If you want to be particular about the genealogy of Michael Sheen's acting talent, and Meyrick Sheen does, you could argue it dates back to his great great grandmother, Mary Ann Blower.

Recent family research has confirmed that North sailed to America on the SS Campania in 1896 as the first female lion tamer and elephant trainer in the UK.

She crossed the Atlantic with her husband Charles, a Shakespearean actor, and Frank C Bostock, the infamous Wild Animal Circus impresario who produced the world's first boxing Kangaroo.

That seam of circus, carnival and show folk runs deep in the Sheens' roots, extending from the am-dram careers of Meyrick, his father and grandfather before him, and his niece, the West End star Caroline Sheen.

A photograph of Caroline, in costume, sits on the Welsh dresser in the couple's U-shaped lounge, alongside an action figure of their son (as Lucien the werewolf, his Underworld guise) as well as a clapper board from the set of Frost/Nixon, signed by Frank Langella and, of course, Michael.

But one sideboard isn't enough here.

Any available load-bearing surface is lined with awards, photos and even an original cartoon from The Times of Michael being addressed by the Queen.

Cupboards are packed with rows of lovingly assembled photo albums while colourful plastic children's chairs are pushed to the corner of a lounge that is clearly the regular preserve of their grandchildren. The neon colours are replicated on the magnetic letters that adorn the fridge of their homely country-style kitchen.

Retired HR manager Meyrick, 69, sits on the sofa, relishing the recollections to come. His white hair is combed confidently back over his head, the steady fixture of a man who has worked professionally as a Jack Nicholson look-a-like.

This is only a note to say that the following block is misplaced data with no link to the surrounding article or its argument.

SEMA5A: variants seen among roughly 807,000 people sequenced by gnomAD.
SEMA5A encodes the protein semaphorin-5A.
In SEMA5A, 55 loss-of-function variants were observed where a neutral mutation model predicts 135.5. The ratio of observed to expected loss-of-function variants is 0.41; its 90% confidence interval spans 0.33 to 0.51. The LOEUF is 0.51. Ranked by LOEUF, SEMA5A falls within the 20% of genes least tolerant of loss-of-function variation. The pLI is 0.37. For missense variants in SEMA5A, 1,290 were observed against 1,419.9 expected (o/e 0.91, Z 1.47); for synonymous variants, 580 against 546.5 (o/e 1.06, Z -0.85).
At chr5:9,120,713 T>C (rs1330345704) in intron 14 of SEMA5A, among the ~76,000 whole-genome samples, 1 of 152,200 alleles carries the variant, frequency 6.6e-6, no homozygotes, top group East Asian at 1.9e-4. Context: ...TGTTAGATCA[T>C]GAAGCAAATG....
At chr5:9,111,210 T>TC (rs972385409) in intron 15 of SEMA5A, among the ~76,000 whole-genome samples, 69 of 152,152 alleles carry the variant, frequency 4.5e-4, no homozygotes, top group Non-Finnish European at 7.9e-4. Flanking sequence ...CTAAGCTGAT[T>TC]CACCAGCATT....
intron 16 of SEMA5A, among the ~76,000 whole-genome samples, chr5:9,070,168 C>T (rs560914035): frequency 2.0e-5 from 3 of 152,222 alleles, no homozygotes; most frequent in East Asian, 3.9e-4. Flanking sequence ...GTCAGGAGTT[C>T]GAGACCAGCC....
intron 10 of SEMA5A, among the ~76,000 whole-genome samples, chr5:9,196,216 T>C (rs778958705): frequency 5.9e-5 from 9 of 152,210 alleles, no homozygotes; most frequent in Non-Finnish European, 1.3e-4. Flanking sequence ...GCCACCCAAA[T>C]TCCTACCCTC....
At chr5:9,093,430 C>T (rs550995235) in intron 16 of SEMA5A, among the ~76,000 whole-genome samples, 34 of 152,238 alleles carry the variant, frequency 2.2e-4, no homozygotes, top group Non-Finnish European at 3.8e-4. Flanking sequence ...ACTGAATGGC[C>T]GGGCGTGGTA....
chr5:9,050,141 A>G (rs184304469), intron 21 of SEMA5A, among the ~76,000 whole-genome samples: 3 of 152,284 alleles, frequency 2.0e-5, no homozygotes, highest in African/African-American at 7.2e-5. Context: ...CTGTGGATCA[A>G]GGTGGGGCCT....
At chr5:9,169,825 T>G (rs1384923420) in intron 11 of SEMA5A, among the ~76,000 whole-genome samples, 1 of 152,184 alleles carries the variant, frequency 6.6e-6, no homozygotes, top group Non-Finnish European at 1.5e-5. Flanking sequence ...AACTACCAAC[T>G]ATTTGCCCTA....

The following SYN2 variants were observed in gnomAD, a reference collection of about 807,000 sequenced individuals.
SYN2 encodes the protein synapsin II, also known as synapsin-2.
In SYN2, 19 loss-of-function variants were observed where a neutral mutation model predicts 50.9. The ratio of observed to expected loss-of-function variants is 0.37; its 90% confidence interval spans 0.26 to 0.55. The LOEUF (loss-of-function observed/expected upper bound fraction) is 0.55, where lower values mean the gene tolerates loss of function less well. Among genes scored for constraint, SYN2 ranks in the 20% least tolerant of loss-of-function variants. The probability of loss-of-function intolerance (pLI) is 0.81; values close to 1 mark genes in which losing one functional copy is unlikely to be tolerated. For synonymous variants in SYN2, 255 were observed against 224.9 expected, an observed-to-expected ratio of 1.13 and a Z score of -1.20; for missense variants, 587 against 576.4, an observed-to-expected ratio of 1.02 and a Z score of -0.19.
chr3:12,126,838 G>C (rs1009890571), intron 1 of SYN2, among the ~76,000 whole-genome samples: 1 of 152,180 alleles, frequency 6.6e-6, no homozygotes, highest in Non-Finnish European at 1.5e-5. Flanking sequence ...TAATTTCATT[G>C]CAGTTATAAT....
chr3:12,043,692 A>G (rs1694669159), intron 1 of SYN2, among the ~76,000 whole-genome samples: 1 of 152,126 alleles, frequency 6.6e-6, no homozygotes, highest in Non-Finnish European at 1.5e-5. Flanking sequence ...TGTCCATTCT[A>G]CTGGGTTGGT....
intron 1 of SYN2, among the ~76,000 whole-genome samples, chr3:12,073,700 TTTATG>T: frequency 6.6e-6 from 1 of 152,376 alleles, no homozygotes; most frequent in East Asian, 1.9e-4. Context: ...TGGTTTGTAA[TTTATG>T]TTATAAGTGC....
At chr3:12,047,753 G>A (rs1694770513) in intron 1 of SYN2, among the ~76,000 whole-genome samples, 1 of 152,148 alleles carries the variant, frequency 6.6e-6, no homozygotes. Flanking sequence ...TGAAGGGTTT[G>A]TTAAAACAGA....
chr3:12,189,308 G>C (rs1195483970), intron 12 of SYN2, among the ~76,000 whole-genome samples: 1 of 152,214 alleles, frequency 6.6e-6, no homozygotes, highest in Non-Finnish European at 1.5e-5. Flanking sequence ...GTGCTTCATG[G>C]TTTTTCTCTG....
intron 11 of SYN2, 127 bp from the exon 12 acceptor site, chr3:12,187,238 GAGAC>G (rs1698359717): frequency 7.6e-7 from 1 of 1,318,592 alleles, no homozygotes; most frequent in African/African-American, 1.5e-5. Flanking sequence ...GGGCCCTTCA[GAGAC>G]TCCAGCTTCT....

Irene, his wife of 47 years, who worked as a secretary, potters at the table they have just strewn with photos for me to look at.

Above them hangs a portrait of Michael painted by a friend, and while his bramble of unruly hair leaps out of so many photographs around them there are also snaps of their daughter Joanne, their grandchildren and various family gatherings.

As for Michael, they refer to him as "a natural", able to succeed at whatever he turns his versatile hands to.

"The first time Michael went on stage was with me at six-weeks-old," says Meyrick, who joined Port Talbot Operatic Society aged 14.

"I was playing General Birabeau in The Desert Song and I held him in my arms on the stage."

The couple share a smile.

"He was a very contented baby," says Irene.

"I would put him to bed at 7pm and sometimes I'd go in at half past nine in the morning to check he was still breathing because, whenever I had checked on him in the night, he hadn't moved at all.

"He started nursery at three and the nursery assistant used to say he was clever even then. But when he went to St Georges School in Wallasey, well, they were really quite complimentary about him there too."

Wallasey, near Liverpool, was the second Sheen family home. They started family life in Newport but spent three years on Merseyside when Meyrick was headhunted to be the personnel manager for an electronics company.

It was in Wasllasey where Michael first showed his skills for mimickry.